DETROIT – Proponents of next-generation active safety technologies designed to prevent accidents or at least mitigate the severity of collisions scored a significant endorsement here at this week’s SAE International World Congress.
In a keynote speech, National Highway Traffic Safety Admin. chief Nicole Nason urges the auto industry to move forward aggressively in developing and perfecting the systems and to make them available in production vehicles.
“Active safety technology is going to play an increasingly significant role in the agency’s injury prevention and reduction strategy,” Nason says.
She says consumers need to become comfortable with active safety technologies that employ vision sensors to identify objects in a vehicle’s path. That information then can be processed by electronically actuated braking systems, such as electronic stability control, to help avoid a collision, or lessen the severity of a crash.
Adaptive cruise control (ACC), rollover mitigation and lane-departure warning are included in the list of active safety technologies. Braking suppliers leading the way are Continental Automotive Systems, Robert Bosch GmbH, TRW Automotive and Delphi Corp.
“Manufacturers will have far greater capabilities to detect unsafe conditions and react faster than the driver can on his or her own,” she says.
“And convincing the public of the safety benefits likely means that people will have to give up control of their vehicle even for a second or two, which means that people will have to learn to trust the safety systems. And that means the systems need to be perfect,” lest the auto industry lose public confidence in the technology.
“That’s something we think about a lot at NHTSA,” she says.
Nason says she test drove a vehicle in Germany last year equipped with ACC, which sets the speed based on that of the vehicle ahead. It also applies the brakes automatically when the lead vehicle stops.
“I have to admit, it takes some getting used to,” she says. “It’s very disconcerting to give up control, to approach that traffic light and think, ‘Are you sure you don’t want me to put my foot down (on the brake)?’ That was a real person’s car that I was about to rear end.”
Yet, Nason says the technology worked as intended every time.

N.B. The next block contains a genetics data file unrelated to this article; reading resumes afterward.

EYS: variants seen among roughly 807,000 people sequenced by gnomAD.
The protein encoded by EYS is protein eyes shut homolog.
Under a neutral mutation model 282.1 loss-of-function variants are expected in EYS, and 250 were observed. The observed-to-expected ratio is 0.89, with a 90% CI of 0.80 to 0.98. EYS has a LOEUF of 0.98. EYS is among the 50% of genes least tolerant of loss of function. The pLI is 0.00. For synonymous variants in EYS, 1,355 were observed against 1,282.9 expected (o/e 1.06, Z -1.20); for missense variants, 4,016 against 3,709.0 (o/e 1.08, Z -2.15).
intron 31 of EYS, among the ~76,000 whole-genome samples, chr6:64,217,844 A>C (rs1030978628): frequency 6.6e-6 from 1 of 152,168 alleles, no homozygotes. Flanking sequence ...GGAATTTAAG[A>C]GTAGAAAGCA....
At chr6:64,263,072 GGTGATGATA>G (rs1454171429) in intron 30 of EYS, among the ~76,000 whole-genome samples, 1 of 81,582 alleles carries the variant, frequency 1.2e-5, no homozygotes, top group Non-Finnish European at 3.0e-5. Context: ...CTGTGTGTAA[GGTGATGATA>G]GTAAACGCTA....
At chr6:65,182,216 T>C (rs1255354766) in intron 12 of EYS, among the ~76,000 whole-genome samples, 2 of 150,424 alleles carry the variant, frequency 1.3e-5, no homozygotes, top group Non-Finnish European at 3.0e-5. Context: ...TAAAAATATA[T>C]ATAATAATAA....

Since the 1960s, safety technologies in vehicles have saved about 330,000 lives, she says.
“And we know that technological advances will continue to be critical to saving lives on the nation’s highways in the future, provided the customer is willing to buy it, use it, trust it,” she says.
Another example of active safety is ESC, which rapidly is becoming common in U.S. vehicles and uses sensors and the braking of specific wheels to prevent a vehicle from skidding out of control. NHTSA recently published the final rule mandating ESC on all U.S. vehicles under 10,000 lbs. (4,536 kg) by the ’12 model year.
Nason quotes a 2005 NHTSA study that estimates ESC reduces fatalities in single-vehicle crashes by 35% for passenger cars and 67% for SUVs.
“And we estimate that when fully deployed, ESC will save between 5,300 and 9,600 lives annually and prevent between 156,000 and 238,000 injuries,” she says.
Some drivers need to be protected from their own bad habits, Nason says.
She tells the story of her aunt, who lives in Florida and bought a car with cruise control simply because it would allow her to paint her toenails while driving.
“This woman does not think she’s a bad driver,” Nason says with a chuckle. “It took some education for my father to convince her that this was a brainless act. She thought she was just multi-tasking.”
Too often, people think they are good drivers when, actually, they need more protection than anyone.
“People may be reluctant to give up some control of their vehicle because they don’t think that they need the help,” Nason says. “They may not want to rely on the vehicle – even on occasion – to make driving decisions that could affect them.”
Nason also uses the speech to plug Mothers Against Drunk Driving’s new campaign to eliminate driving while intoxicated. Nason was chosen as the campaign’s honorary chairperson last year.
Alcohol-related fatalities are down from the 1980s and 1990s. “But our progress since then has been, at best, modest. We are still talking about 60,000 lives lost every year,” she says.
Nason’s parents survived a collision with a drunk driver. “In the case of my family, all we lost was a car, but not everyone is so lucky,” she says.